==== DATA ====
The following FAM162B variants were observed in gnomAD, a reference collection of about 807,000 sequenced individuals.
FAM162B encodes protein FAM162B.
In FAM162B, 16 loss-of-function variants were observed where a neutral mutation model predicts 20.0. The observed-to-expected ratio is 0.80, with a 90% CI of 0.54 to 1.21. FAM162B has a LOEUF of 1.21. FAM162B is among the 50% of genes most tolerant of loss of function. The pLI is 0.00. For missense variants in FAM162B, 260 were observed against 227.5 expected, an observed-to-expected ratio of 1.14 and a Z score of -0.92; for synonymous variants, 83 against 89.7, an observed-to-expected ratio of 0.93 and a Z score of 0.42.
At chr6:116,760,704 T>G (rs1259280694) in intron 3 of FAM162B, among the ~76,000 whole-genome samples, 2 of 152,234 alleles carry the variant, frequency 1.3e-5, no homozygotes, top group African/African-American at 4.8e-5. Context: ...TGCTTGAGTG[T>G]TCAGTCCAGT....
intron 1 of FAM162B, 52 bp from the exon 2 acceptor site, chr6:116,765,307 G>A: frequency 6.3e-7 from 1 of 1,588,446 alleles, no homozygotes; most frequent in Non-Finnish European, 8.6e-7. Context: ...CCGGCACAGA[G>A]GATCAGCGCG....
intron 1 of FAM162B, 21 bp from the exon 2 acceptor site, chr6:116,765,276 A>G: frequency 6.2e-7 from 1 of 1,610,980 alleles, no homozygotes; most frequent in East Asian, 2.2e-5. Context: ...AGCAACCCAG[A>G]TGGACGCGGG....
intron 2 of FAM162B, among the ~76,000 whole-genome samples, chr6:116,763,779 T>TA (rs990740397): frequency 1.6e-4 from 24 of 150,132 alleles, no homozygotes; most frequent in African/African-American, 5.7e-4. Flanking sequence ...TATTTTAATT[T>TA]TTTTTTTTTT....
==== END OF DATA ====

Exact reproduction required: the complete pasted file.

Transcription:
The following FAM162B variants were observed in gnomAD, a reference collection of about 807,000 sequenced individuals.
FAM162B encodes protein FAM162B.
In FAM162B, 16 loss-of-function variants were observed where a neutral mutation model predicts 20.0. The observed-to-expected ratio is 0.80, with a 90% CI of 0.54 to 1.21. FAM162B has a LOEUF of 1.21. FAM162B is among the 50% of genes most tolerant of loss of function. The pLI is 0.00. For missense variants in FAM162B, 260 were observed against 227.5 expected, an observed-to-expected ratio of 1.14 and a Z score of -0.92; for synonymous variants, 83 against 89.7, an observed-to-expected ratio of 0.93 and a Z score of 0.42.
At chr6:116,760,704 T>G (rs1259280694) in intron 3 of FAM162B, among the ~76,000 whole-genome samples, 2 of 152,234 alleles carry the variant, frequency 1.3e-5, no homozygotes, top group African/African-American at 4.8e-5. Context: ...TGCTTGAGTG[T>G]TCAGTCCAGT....
intron 1 of FAM162B, 52 bp from the exon 2 acceptor site, chr6:116,765,307 G>A: frequency 6.3e-7 from 1 of 1,588,446 alleles, no homozygotes; most frequent in Non-Finnish European, 8.6e-7. Context: ...CCGGCACAGA[G>A]GATCAGCGCG....
intron 1 of FAM162B, 21 bp from the exon 2 acceptor site, chr6:116,765,276 A>G: frequency 6.2e-7 from 1 of 1,610,980 alleles, no homozygotes; most frequent in East Asian, 2.2e-5. Context: ...AGCAACCCAG[A>G]TGGACGCGGG....
intron 2 of FAM162B, among the ~76,000 whole-genome samples, chr6:116,763,779 T>TA (rs990740397): frequency 1.6e-4 from 24 of 150,132 alleles, no homozygotes; most frequent in African/African-American, 5.7e-4. Flanking sequence ...TATTTTAATT[T>TA]TTTTTTTTTT....